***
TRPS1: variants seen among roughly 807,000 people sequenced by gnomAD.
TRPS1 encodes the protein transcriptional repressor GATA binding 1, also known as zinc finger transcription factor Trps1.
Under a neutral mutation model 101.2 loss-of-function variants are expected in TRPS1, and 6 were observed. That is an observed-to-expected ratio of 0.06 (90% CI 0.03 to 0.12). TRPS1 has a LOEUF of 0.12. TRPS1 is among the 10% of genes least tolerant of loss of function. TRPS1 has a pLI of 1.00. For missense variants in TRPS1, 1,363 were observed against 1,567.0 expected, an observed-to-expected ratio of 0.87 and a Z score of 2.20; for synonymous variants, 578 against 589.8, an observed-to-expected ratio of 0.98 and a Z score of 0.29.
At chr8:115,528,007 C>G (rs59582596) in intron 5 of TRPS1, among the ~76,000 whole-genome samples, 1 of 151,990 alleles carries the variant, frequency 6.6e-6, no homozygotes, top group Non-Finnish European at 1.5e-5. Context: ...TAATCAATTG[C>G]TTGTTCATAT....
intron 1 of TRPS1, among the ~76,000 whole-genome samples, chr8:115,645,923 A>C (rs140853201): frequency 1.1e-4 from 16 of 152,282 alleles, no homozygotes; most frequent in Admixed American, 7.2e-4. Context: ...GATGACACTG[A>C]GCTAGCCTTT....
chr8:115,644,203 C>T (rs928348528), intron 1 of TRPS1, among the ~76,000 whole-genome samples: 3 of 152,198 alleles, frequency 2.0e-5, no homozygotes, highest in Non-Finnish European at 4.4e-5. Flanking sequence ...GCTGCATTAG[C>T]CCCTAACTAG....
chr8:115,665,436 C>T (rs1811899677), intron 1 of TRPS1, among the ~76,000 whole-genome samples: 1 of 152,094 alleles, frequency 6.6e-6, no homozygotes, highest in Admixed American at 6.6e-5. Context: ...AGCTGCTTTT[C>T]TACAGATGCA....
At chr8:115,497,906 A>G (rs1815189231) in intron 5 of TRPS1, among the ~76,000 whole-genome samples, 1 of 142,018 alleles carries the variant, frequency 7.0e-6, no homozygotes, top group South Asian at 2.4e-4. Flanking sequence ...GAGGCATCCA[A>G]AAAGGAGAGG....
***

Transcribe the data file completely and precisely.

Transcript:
TRPS1: variants seen among roughly 807,000 people sequenced by gnomAD.
TRPS1 encodes the protein transcriptional repressor GATA binding 1, also known as zinc finger transcription factor Trps1.
Under a neutral mutation model 101.2 loss-of-function variants are expected in TRPS1, and 6 were observed. That is an observed-to-expected ratio of 0.06 (90% CI 0.03 to 0.12). TRPS1 has a LOEUF of 0.12. TRPS1 is among the 10% of genes least tolerant of loss of function. TRPS1 has a pLI of 1.00. For missense variants in TRPS1, 1,363 were observed against 1,567.0 expected, an observed-to-expected ratio of 0.87 and a Z score of 2.20; for synonymous variants, 578 against 589.8, an observed-to-expected ratio of 0.98 and a Z score of 0.29.
At chr8:115,528,007 C>G (rs59582596) in intron 5 of TRPS1, among the ~76,000 whole-genome samples, 1 of 151,990 alleles carries the variant, frequency 6.6e-6, no homozygotes, top group Non-Finnish European at 1.5e-5. Context: ...TAATCAATTG[C>G]TTGTTCATAT....
intron 1 of TRPS1, among the ~76,000 whole-genome samples, chr8:115,645,923 A>C (rs140853201): frequency 1.1e-4 from 16 of 152,282 alleles, no homozygotes; most frequent in Admixed American, 7.2e-4. Context: ...GATGACACTG[A>C]GCTAGCCTTT....
chr8:115,644,203 C>T (rs928348528), intron 1 of TRPS1, among the ~76,000 whole-genome samples: 3 of 152,198 alleles, frequency 2.0e-5, no homozygotes, highest in Non-Finnish European at 4.4e-5. Flanking sequence ...GCTGCATTAG[C>T]CCCTAACTAG....
chr8:115,665,436 C>T (rs1811899677), intron 1 of TRPS1, among the ~76,000 whole-genome samples: 1 of 152,094 alleles, frequency 6.6e-6, no homozygotes, highest in Admixed American at 6.6e-5. Context: ...AGCTGCTTTT[C>T]TACAGATGCA....
At chr8:115,497,906 A>G (rs1815189231) in intron 5 of TRPS1, among the ~76,000 whole-genome samples, 1 of 142,018 alleles carries the variant, frequency 7.0e-6, no homozygotes, top group South Asian at 2.4e-4. Flanking sequence ...GAGGCATCCA[A>G]AAAGGAGAGG....